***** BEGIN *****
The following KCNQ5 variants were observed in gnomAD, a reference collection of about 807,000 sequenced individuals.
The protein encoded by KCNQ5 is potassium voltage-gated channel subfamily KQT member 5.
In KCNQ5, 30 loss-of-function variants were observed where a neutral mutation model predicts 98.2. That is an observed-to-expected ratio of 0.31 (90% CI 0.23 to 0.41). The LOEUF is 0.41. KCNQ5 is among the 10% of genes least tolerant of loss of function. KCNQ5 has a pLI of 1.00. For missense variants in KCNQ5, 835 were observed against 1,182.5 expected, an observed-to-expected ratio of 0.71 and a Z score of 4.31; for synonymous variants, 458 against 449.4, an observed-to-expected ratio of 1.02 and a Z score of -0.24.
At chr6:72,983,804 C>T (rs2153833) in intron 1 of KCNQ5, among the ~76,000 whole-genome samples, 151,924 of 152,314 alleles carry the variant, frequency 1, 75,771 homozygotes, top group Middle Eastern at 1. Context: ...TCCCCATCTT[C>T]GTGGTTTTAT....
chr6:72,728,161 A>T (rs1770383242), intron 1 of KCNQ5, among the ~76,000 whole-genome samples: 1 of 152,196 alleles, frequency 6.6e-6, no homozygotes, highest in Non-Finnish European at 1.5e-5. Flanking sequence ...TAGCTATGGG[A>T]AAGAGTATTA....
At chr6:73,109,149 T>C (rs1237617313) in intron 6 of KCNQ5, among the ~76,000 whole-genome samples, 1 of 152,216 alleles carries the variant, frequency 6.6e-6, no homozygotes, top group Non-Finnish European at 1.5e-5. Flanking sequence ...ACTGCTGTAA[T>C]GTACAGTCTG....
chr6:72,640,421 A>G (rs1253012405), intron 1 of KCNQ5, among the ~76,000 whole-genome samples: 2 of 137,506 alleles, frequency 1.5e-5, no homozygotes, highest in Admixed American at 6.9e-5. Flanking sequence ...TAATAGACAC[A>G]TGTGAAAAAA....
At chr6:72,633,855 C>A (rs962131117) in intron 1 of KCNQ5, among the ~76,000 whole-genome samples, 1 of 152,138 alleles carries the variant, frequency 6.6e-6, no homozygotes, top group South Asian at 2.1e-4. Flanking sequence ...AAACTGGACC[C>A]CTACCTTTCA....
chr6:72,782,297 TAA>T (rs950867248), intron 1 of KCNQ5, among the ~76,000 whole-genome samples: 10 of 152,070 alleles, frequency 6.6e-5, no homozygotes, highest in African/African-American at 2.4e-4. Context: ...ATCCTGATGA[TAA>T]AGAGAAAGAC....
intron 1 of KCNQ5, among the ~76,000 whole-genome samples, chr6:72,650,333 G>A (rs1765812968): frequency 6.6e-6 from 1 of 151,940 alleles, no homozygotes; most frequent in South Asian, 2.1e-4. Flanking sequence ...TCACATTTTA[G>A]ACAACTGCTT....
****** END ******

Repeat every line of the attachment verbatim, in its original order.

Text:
The following KCNQ5 variants were observed in gnomAD, a reference collection of about 807,000 sequenced individuals.
The protein encoded by KCNQ5 is potassium voltage-gated channel subfamily KQT member 5.
In KCNQ5, 30 loss-of-function variants were observed where a neutral mutation model predicts 98.2. That is an observed-to-expected ratio of 0.31 (90% CI 0.23 to 0.41). The LOEUF is 0.41. KCNQ5 is among the 10% of genes least tolerant of loss of function. KCNQ5 has a pLI of 1.00. For missense variants in KCNQ5, 835 were observed against 1,182.5 expected, an observed-to-expected ratio of 0.71 and a Z score of 4.31; for synonymous variants, 458 against 449.4, an observed-to-expected ratio of 1.02 and a Z score of -0.24.
At chr6:72,983,804 C>T (rs2153833) in intron 1 of KCNQ5, among the ~76,000 whole-genome samples, 151,924 of 152,314 alleles carry the variant, frequency 1, 75,771 homozygotes, top group Middle Eastern at 1. Context: ...TCCCCATCTT[C>T]GTGGTTTTAT....
chr6:72,728,161 A>T (rs1770383242), intron 1 of KCNQ5, among the ~76,000 whole-genome samples: 1 of 152,196 alleles, frequency 6.6e-6, no homozygotes, highest in Non-Finnish European at 1.5e-5. Flanking sequence ...TAGCTATGGG[A>T]AAGAGTATTA....
At chr6:73,109,149 T>C (rs1237617313) in intron 6 of KCNQ5, among the ~76,000 whole-genome samples, 1 of 152,216 alleles carries the variant, frequency 6.6e-6, no homozygotes, top group Non-Finnish European at 1.5e-5. Flanking sequence ...ACTGCTGTAA[T>C]GTACAGTCTG....
chr6:72,640,421 A>G (rs1253012405), intron 1 of KCNQ5, among the ~76,000 whole-genome samples: 2 of 137,506 alleles, frequency 1.5e-5, no homozygotes, highest in Admixed American at 6.9e-5. Flanking sequence ...TAATAGACAC[A>G]TGTGAAAAAA....
At chr6:72,633,855 C>A (rs962131117) in intron 1 of KCNQ5, among the ~76,000 whole-genome samples, 1 of 152,138 alleles carries the variant, frequency 6.6e-6, no homozygotes, top group South Asian at 2.1e-4. Flanking sequence ...AAACTGGACC[C>A]CTACCTTTCA....
chr6:72,782,297 TAA>T (rs950867248), intron 1 of KCNQ5, among the ~76,000 whole-genome samples: 10 of 152,070 alleles, frequency 6.6e-5, no homozygotes, highest in African/African-American at 2.4e-4. Context: ...ATCCTGATGA[TAA>T]AGAGAAAGAC....
intron 1 of KCNQ5, among the ~76,000 whole-genome samples, chr6:72,650,333 G>A (rs1765812968): frequency 6.6e-6 from 1 of 151,940 alleles, no homozygotes; most frequent in South Asian, 2.1e-4. Flanking sequence ...TCACATTTTA[G>A]ACAACTGCTT....